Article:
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How do I know?

Discussion in 'Teaching abroad' started by Geographyteacher939, May 10, 2019.

  1. Geographyteacher939

    Geographyteacher939 New commenter

    Hi all

    Thinking about making the jump overseas in a couple of years. After doing some reading, it is clear that there are some schools that I should try to avoid. What are the things to look out for? Is there a site that gives information on what it is like to work for these schools? I'm concerned that I would make the jump and end up at a school that isn't great.

  2. february31st

    february31st Established commenter

    Pay for subscription to the International Schools Review for a good start, about 30USD.
    afterdark and blueskydreaming like this.
  3. mas_o_menos

    mas_o_menos New commenter

    This. Although my current school was not on it at the time. It certainly is now.

    Also keep your eye on the overseas job advertisements. You quickly get a feel for schools that have a high turnover of staff and are always advertising.
    blueskydreaming likes this.
  4. Teachallover

    Teachallover Occasional commenter

    Dodgy and outdated school websites tell me a lot.
    blueskydreaming likes this.
  5. blueskydreaming

    blueskydreaming Lead commenter

    Look out for schools that have a very high percentage of local students (or 100% locals).

    Schools that only offer flights at the beginning and end of contract.

    Schools that offer far fewer benefits than similar schools in the same area.

    Schools that want you to live on site.

    Schools that don't give 100% medical cover.
    mermy and T0nyGT like this.
  6. SPC2

    SPC2 Occasional commenter

  7. february31st

    february31st Established commenter

    Any school with the word ”Bilingual ” in its title. Here in China many of the new bilingual schools have an expensive English rent-a-name but the real name is written in Chinese below.
    mahipaul likes this.
  8. T0nyGT

    T0nyGT Lead commenter

    This is a good list
    blueskydreaming likes this.
  9. frogusmaximus

    frogusmaximus Occasional commenter

    Dear OP

    In my experience, if you have excellent references and work in a good school, you could find yourself in a decent environment. You'd no doubt come on here and wonder why everyone is complaining. If your references are weak, you have had time out of work or a multitude of short term posts you may find yourself needing to work your way up the ladder.

    The challenges faced on the bottom rungs are here for all to see. There are equally a lot of poor teachers hiding overseas and wherever you land you need to impress to move up in the world. Ask yourself, am i the type who is independent and can adapt to problems or do I cave in and moan when problems arise. If the latter, stay in the UK.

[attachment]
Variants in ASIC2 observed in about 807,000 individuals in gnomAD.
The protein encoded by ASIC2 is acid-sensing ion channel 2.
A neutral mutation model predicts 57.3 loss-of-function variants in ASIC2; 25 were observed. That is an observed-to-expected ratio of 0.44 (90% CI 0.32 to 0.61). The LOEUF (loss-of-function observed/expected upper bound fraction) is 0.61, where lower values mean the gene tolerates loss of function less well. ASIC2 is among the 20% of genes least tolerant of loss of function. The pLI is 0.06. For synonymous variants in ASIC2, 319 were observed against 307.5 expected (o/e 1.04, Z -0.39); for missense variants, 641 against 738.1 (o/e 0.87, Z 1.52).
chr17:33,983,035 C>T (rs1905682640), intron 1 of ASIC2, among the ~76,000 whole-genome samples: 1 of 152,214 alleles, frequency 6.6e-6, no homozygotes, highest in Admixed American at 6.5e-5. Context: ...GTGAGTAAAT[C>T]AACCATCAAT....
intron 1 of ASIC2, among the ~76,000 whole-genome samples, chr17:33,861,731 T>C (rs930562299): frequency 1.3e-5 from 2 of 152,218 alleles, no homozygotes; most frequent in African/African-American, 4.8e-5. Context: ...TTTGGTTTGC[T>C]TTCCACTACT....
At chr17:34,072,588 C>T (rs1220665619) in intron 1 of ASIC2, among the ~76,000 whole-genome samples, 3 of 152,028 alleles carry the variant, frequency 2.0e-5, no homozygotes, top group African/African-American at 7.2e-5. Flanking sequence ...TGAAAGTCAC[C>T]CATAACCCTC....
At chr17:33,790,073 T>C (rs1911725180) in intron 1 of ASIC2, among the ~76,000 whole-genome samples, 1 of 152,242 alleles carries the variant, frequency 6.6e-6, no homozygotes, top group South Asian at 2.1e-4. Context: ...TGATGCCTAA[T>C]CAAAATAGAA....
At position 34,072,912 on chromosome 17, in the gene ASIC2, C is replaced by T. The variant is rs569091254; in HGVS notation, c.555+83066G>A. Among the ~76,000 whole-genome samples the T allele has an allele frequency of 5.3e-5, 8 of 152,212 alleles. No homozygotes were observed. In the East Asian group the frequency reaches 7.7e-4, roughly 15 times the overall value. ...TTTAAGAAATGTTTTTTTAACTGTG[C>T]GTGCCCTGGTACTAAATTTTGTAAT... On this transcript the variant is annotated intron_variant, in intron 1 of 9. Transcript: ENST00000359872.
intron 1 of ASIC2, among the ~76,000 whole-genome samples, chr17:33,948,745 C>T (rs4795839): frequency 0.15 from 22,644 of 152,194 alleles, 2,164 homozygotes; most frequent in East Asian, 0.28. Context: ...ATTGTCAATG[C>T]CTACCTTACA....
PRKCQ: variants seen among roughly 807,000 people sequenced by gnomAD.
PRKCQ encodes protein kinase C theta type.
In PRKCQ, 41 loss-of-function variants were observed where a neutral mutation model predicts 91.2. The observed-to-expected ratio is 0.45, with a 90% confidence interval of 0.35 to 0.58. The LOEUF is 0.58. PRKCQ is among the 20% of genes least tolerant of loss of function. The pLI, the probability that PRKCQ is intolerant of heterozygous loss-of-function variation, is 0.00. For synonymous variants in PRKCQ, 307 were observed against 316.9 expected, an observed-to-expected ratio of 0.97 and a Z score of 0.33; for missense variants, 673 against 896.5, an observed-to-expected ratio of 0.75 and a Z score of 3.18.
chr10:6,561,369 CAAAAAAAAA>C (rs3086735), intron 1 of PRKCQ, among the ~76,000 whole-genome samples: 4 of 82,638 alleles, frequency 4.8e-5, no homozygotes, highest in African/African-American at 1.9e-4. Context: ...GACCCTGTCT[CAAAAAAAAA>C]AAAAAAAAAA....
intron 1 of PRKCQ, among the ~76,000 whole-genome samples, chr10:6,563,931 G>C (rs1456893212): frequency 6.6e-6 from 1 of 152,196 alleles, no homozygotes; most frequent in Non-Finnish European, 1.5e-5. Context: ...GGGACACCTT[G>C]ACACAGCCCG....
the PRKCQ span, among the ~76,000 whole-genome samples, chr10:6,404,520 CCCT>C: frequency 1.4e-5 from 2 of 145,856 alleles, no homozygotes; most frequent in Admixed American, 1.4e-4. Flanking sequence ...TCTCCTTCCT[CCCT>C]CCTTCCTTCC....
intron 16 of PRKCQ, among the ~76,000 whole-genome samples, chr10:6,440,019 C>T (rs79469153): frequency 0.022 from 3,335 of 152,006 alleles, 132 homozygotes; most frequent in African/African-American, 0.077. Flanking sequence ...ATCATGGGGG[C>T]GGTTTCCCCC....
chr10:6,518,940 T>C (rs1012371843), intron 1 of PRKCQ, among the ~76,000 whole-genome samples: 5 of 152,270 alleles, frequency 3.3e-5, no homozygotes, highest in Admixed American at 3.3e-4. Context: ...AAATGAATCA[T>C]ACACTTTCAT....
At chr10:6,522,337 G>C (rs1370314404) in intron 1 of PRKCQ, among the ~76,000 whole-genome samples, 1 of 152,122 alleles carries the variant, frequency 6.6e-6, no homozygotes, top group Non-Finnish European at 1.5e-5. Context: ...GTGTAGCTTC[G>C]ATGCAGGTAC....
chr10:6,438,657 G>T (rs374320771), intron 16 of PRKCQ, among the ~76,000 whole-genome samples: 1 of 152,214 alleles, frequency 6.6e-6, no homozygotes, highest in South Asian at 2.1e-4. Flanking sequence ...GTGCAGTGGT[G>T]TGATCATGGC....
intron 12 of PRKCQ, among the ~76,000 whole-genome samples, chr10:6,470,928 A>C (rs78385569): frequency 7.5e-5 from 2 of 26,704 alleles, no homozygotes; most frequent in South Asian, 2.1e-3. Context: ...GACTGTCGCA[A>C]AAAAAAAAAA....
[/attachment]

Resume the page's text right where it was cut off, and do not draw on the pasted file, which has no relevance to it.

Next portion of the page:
10. miketribe

    miketribe Established commenter

    But it’s a bit centered on some regions. Flights at the end of the contract only are the norm in Western Europe. In all of Western Europe, the national health service is more than adequate so private provision is often not offered.
  11. taiyah

    taiyah Occasional commenter

    In all honesty you don't. Some start their international career working for one of the worst group in SE Asia. Brilliant, polite and g&t students, facilities were outstanding but the group was money driven and had fairly evident and dodgy practices. Nothing was written in ISR probably because no one bothered and everyone moved to bigger and better things.

    As a newbie on the circuit it is wise to do your research. But at the same time don't be too picky because you have applicants who have been around the block looking for the same rosy patch of grass and wonderful rainbows.
  12. dumbbells66

    dumbbells66 Lead commenter

    Length of contract is a good indicator. Loads of schools in Spain offer 10 month contracts. These are definitely ones to avoid
  13. dumbbells66

    dumbbells66 Lead commenter

    Just thought of this, while its not really an indicator of a good or bad school, you do however want to look at the number of contact and non contact days in a contract. From my experience 180 contact days is average. I know of schools in China that have 200 days. That means you are working 4 extra weeks above the average.
    blueskydreaming likes this.
  14. SnorkelingTeacher03

    SnorkelingTeacher03 New commenter

    This is a good point. The school I'm at in Taiwan has over 200 days
  15. miketribe

    miketribe Established commenter

    Dropping cryptic clues about the school on this forum can also get results....
    mahipaul likes this.
  16. ejclibrarian

    ejclibrarian Established commenter Community helper

    That's crazy. Which school are you working in? I'm in Taipei at the split campus school.
  17. SnorkelingTeacher03

    SnorkelingTeacher03 New commenter

    I'm also in Taipei.

    I'm at what my wife tells me the Taiwanese refer to as the "Royal School".
  18. miketribe

    miketribe Established commenter

    Like I said, “cryptic clues”!
  19. ejclibrarian

    ejclibrarian Established commenter Community helper

    That's a new one on me! I'll have to ask my colleagues if they know which school that is :)
  20. the hippo

    the hippo Lead commenter Community helper

    There has already been some very good advice given on this thread, so I am not sure that I have much (if anything) to contribute. Yes, of course it is true that some so-called "international schools" are pretty blooming awful places in which to be a teacher. I should know, as I had the misfortune to work in some of them! However, this smelly old hippo is a firm believer in "roundabouts and swings", so there is no such thing as the "perfect" school and all of them will have some positive aspects and some things that you won't like.

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